Update 7/27/10: I've confirmed that Microsoft’s Security Essentials will detect and quarantine the link file vulnerability.  

This article was originally posted at www.pacitnews.org, a site for members of the Pacific IT Professionals user group.

Black Hat and Defcon are weeks away, but there's a Windows zero-day vulnerability all IT pros should know about.  This zero-day exploit has been out there for at least 10 years and may go all the way back to NT. It turns out there is a subtle error in the way the Windows Shell (which displays icons, Start Bars, menus, shortcuts, etc.) parses the icons of .LNK files or shortcuts.

A researcher in Belarus found in-the-wild code that makes use of this exploit and is targeting Siemens SCADA (supervisory control and data acquisition) systems. While most of you do not have SCADA systems, you are indirectly affected as these systems are used to control the power grids, oil production, nuclear power plants, wastewater treatment, fabrication, and many other industrial processes.

Siemens programmers made it very easy for the malware creators to install a root kit to take control of the SCADA systems, as (are you ready for this?) they only used one hard-coded password for all customers. In Vista, Microsoft did something that was supposed to make it more difficult for malware creators to install altered drivers—they required driver signing. (Remember all those Apple ads making fun of Windows for requiring approval before continuing?)

This would have prevented this root kit from being installed had it not been for the fact the drivers were signed. This is the James Bond part: It turns out these malware writers are not dumb. They used signed drivers using a stolen PRIVATE key from RealTek. Once this was discovered, Microsoft and RealTek contacted VeriSign (signer of RealTek's certificates) and revoked them immediately. Microsoft has added one or more certifications to Microsoft's Certificate Revocation List, (CRL). If you've done Windows Update in the past week or so you should find a new CRL file has been installed.

Important: This is why you want to keep all of your machines patched and up to date. You always want the latest, up to date CRL file. 

But wait, there's more. Someone recently found almost the same exploit using a cert from JMicron Technology Group. But an ESET researcher realized that JMicron and RealTek are both in the same building complex in Hsinchu, Taiwan. It has now been found that both companies' private keys have been used to sign malware carrying an exploit. Coincidence?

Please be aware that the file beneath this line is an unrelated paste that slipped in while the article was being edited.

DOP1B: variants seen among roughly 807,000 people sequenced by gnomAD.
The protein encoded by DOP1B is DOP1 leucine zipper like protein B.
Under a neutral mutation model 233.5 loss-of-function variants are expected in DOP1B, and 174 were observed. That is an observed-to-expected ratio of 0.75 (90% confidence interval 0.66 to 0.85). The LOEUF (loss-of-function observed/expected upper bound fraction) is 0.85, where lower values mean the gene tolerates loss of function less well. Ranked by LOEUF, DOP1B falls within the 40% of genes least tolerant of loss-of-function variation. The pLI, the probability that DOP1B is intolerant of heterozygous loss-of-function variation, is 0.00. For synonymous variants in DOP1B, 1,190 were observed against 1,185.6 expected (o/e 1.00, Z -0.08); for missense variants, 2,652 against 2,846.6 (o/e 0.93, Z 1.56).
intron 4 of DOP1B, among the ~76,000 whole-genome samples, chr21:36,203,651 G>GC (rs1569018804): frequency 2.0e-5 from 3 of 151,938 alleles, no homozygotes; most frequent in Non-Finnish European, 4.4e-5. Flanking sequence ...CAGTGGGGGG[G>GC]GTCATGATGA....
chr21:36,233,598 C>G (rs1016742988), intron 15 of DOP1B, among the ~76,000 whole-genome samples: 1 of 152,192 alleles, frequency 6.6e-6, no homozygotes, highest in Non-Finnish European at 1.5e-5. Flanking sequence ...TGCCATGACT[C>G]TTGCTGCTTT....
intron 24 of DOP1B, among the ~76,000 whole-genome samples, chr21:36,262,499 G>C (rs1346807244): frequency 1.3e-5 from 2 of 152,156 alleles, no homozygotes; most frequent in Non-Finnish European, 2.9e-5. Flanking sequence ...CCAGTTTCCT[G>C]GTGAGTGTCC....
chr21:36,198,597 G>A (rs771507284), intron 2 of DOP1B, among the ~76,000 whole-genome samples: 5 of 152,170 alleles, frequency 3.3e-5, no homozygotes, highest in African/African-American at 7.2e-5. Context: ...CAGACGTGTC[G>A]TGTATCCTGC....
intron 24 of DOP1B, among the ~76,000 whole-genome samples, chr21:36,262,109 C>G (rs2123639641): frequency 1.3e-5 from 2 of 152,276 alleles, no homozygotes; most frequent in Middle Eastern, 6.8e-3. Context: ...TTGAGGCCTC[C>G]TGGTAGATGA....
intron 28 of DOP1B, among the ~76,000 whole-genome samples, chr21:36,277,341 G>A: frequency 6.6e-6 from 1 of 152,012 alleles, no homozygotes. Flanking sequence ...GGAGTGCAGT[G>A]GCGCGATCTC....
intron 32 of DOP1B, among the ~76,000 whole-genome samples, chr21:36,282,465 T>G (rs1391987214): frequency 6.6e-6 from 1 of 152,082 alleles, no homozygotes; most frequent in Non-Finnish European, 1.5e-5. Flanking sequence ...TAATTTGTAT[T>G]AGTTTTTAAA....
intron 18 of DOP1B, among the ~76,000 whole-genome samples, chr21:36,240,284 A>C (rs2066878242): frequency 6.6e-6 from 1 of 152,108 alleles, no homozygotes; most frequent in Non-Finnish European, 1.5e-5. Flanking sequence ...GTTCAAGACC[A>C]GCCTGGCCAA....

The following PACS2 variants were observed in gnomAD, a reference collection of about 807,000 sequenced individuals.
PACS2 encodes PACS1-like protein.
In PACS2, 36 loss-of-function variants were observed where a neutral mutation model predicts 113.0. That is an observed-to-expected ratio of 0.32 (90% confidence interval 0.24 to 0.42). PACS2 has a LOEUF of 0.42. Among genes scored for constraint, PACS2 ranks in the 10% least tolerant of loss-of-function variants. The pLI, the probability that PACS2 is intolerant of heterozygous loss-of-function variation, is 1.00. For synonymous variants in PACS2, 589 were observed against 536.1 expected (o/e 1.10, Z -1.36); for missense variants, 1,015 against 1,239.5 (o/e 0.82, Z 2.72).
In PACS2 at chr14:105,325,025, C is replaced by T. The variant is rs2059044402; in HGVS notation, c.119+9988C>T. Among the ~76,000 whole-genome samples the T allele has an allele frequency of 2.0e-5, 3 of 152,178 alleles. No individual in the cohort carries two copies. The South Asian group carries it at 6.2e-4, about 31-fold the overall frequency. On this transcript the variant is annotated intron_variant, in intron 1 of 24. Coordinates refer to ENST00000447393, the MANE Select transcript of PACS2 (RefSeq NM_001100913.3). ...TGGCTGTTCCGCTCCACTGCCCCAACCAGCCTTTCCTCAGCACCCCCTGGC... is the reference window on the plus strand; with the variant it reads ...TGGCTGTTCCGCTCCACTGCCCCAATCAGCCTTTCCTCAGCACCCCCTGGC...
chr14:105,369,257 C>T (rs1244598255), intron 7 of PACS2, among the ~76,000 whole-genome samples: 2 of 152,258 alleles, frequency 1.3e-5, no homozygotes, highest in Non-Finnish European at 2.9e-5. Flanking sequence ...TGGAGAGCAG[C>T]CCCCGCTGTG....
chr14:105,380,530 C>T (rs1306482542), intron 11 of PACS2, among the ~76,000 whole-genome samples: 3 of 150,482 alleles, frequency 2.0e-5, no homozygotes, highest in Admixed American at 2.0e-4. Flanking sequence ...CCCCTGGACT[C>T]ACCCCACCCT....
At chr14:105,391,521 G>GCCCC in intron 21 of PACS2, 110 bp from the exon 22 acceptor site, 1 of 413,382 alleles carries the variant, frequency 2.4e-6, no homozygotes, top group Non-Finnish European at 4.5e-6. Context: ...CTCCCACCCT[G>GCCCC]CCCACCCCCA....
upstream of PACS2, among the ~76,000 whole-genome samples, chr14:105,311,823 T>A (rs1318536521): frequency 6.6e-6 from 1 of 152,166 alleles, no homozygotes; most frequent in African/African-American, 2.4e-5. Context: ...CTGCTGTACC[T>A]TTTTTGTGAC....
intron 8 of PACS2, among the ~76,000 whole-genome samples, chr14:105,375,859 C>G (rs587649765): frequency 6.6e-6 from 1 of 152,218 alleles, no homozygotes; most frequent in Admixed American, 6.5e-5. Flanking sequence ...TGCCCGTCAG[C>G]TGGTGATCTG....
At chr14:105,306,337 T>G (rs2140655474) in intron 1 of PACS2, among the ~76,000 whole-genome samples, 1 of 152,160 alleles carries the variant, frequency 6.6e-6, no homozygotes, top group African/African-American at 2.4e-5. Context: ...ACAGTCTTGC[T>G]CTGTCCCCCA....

This is a true, zero-day exploit. (For more information, see Metasploit.com.) The cyber-criminals know how to use this exploit and are doing so. (Microsoft's security report is acknowledging this exploit.)

This exploit is being propagated by USB thumb drives, in a way reminiscent to the early Mac floppy disk viruses which spread the virus just by inserting the floppy disk. These guys have found they can do the same with the USB thumb drives even if autorun is disabled. You can't see the files because the files are masked and will not be presented to Windows Shell. (You would be able to see the code with a disk sector editor, however.) Just the act of displaying the icon of the USB key executes the malicious code and spreads the malware. This malware (worm) is spreading on the order of 9,000 machines per day or over a quarter of a million machines per month.

Microsoft has also acknowledges the spread/infection of the malware can happen by displaying .LNK files, but also in Office documents. That's any Office document, including Outlook. So receiving infected email containing one of these can compromise your system. And they also acknowledge websites can do it, too. You can now have a malicious website that will display and leverage the vulnerability in the shell. It might be all browsers, but Internet Explorer has been confirmed by Microsoft. We will know more in the weeks to come.

For now there is not a fix. Microsoft has posted a fix that makes some changes to the registry and shows some manual changes that can be made. The problem is, the "fix" will no longer display your icons and instead will display generic white rectangles, leaving you without icons. There are some registry changes and other "fixes" that can be applied, but nothing that's a real fix.

It appears that every version of Windows going back to NT is affected, though Microsoft has only confirmed it to affect supported versions, which includes XP SP3 and newer.